Pockets of people remain unreached because of geographic isolation, language, or culture. In broad terms, the Islamic world is now the major bloc that’s left. Only a few months ago, of course, that would have included the communist world. But with the opening of Eastern Europe, Christians in those countries are now free to do a lot of work on their own. Obviously, they need strong prayer support and certain kinds of help from the outside.

How has the opening of the Eastern Bloc changed the face of missions?

We should be looking not so much at what we can do for them—although certainly we should be alert to their needs—but at what they can teach us. These Christians have endured all kinds of difficulties and have grown and matured spiritually in significant ways. They have great opportunities to minister in a secular world—including the West—where people bend toward atheism and agnosticism. People in the Soviet Union, for example, are in an ideal position to begin to work their way down into the Muslim areas of their own country and into the Muslim world.

How have the technological developments of the past 30 years benefited missions?

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Technology has done a lot in terms of communication and publishing. Missionary radio broadcasts, for example, have reached across borders into areas that previously had never heard the gospel.

Technology really enhances and expands what one person can do. The major force in the growth of the church is still going to be the individual Christian sharing his or her faith with somebody else.


No review of homosexual ban

The U.S. Supreme Court has refused to hear arguments about the military’s policy of banning homosexuals from service. Without comment, the justices declined to review constitutional challenges in two cases, one brought by a lesbian army-reserve sergeant denied re-enlistment, and one by a naval-reserve officer dismissed from active duty after he said he was a homosexual.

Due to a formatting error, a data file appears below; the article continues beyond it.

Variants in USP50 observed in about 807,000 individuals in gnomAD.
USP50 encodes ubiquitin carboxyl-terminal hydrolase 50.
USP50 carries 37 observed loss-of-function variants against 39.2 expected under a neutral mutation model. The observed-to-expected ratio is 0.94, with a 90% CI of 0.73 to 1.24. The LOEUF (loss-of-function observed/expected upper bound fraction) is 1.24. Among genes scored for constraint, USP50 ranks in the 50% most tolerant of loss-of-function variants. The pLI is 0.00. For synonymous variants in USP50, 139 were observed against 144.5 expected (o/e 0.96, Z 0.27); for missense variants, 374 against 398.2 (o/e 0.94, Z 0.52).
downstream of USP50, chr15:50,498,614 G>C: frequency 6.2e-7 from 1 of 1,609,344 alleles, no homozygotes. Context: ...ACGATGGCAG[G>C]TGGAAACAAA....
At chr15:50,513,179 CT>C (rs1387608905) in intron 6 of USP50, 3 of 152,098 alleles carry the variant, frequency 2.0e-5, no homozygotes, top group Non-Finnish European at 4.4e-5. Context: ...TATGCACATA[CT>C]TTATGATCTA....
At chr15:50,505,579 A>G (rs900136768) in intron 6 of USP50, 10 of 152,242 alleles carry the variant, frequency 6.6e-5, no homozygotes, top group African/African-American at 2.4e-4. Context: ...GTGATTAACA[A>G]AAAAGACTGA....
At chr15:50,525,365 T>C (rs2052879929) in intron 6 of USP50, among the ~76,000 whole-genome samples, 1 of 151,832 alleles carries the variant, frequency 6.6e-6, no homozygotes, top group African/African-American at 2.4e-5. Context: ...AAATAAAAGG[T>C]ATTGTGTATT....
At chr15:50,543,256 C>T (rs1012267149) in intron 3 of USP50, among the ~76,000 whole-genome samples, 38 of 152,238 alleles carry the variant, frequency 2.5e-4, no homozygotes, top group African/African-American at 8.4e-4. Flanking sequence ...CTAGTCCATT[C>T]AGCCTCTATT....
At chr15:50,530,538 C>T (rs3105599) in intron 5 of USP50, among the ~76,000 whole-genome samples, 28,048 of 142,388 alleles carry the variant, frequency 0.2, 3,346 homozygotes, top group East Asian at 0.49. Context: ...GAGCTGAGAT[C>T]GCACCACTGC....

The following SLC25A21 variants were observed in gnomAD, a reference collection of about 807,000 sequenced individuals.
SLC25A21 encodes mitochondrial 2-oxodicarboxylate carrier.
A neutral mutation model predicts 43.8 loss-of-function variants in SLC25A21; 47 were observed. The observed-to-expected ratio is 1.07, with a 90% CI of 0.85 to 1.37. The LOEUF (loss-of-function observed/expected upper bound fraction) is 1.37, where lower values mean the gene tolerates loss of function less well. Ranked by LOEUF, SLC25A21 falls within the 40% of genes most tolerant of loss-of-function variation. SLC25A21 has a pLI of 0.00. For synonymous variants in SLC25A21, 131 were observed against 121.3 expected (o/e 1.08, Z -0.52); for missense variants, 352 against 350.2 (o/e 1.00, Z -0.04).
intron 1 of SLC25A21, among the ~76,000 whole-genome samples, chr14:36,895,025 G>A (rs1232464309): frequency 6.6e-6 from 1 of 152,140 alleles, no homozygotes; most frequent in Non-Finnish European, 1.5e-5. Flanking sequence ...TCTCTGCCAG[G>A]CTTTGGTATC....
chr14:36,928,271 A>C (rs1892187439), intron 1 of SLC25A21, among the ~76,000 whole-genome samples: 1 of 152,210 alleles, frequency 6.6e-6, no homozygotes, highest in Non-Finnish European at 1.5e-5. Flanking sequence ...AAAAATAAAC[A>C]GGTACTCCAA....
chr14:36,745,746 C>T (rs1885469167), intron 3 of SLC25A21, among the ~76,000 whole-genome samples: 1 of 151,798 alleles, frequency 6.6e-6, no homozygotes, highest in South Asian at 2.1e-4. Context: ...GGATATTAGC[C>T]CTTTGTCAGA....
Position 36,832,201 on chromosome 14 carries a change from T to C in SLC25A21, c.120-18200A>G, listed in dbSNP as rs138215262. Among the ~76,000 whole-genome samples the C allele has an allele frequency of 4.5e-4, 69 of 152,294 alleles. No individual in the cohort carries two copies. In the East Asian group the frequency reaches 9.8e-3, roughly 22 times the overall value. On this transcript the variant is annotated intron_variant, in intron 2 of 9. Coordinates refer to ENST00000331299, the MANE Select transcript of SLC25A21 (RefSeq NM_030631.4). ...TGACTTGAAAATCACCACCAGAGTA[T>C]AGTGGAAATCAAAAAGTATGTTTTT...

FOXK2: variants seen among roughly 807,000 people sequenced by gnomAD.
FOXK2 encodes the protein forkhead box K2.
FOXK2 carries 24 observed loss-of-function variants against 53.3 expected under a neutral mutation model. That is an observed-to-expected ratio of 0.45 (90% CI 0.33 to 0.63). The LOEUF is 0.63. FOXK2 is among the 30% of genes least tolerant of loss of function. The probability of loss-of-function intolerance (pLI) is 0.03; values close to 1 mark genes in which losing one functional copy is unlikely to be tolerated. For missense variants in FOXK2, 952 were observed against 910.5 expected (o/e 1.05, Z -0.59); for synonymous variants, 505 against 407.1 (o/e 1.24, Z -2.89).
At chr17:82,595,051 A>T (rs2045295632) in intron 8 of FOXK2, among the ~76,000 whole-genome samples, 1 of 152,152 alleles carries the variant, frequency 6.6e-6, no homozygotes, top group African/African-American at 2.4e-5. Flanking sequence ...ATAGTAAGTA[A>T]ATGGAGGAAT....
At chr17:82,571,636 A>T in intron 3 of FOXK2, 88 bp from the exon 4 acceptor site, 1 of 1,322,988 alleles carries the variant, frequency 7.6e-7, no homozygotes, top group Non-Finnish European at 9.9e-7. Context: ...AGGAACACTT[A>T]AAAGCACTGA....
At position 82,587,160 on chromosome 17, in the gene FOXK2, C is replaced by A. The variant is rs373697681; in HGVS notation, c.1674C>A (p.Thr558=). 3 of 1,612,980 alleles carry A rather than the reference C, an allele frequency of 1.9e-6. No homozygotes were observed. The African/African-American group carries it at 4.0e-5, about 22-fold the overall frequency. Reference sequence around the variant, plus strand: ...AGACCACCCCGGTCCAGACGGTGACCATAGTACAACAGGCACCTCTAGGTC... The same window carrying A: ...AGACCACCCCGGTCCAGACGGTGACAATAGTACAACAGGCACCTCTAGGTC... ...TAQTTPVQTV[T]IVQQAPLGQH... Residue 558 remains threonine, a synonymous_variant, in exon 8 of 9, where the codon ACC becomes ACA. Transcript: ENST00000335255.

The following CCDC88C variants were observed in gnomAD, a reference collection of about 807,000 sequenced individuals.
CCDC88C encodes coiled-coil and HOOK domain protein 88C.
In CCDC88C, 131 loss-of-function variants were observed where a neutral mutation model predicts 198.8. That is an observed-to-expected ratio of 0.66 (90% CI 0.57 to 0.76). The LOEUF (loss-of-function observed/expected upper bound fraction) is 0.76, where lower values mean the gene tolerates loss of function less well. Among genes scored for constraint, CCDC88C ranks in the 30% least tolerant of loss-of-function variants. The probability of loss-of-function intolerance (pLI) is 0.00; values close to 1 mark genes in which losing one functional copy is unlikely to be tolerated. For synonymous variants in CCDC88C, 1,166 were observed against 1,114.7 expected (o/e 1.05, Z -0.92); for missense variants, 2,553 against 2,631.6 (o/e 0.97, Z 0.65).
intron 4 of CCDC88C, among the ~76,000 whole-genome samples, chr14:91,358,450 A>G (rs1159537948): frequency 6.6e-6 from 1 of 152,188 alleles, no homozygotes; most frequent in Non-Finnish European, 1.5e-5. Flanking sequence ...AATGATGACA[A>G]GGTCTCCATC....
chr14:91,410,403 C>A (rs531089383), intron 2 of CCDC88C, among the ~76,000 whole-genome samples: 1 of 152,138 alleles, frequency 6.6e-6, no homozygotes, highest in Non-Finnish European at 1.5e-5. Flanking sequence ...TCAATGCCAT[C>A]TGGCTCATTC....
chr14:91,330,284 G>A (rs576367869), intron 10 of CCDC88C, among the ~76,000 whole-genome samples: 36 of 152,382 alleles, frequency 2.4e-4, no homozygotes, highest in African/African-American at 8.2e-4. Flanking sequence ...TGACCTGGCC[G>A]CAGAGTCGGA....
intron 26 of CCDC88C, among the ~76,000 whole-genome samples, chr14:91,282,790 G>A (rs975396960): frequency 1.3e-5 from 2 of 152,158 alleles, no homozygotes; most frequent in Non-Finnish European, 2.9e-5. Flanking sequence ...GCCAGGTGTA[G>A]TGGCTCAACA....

In a brief filed with the Court, the Bush administration supported the military’s policy, noting that previous Court decisions have allowed states to consider homosexual activity criminal behavior. Gay-rights groups criticized the Court’s failure to take on the issue, saying it will make discrimination against homosexuals more widespread.

Child-care conundrum

As the House of Representatives prepared to resume debate on child care last month, the church-state issue continued to be among the biggest points of controversy.

At a special meeting called by the Ethics and Public Policy Center, constitutional scholar William Bentley Ball argued that religious exemption from pervasive federal regulation must be included in the final legislative package that will be crafted by House and Senate negotiators.

Religious groups, like most members of Congress, are divided over how the government can avoid both discriminating against religiously based child-care providers and unconstitutionally giving them funds. The White House included religious groups in a small meeting on child-care strategy last month, but it remains unclear whether President Bush will try to sway congressional negotiators on the religious issue.

Personnel department

Singer Stevie Wonder has joined fellow entertainers Marilyn McCoo and Billy Davis on Chuck Colson’s Prison Fellowship volunteer team. The three celebrities performed a concert recently after a Prison Fellowship seminar. Wonder said he wants to bring prison inmates a message of hope and unity.

The Senate quickly confirmed Ervin Duggan to fill the Democratic slot open on the Federal Communications Commission. Duggan has promised to give special attention to decency issues.

Romanian Missionary Society founder Josif Tson was in Washington last month to meet with government officials about the situation in his native Romania. Tson told congressional and State Department officials that the church wants to play an active role in reshaping society there.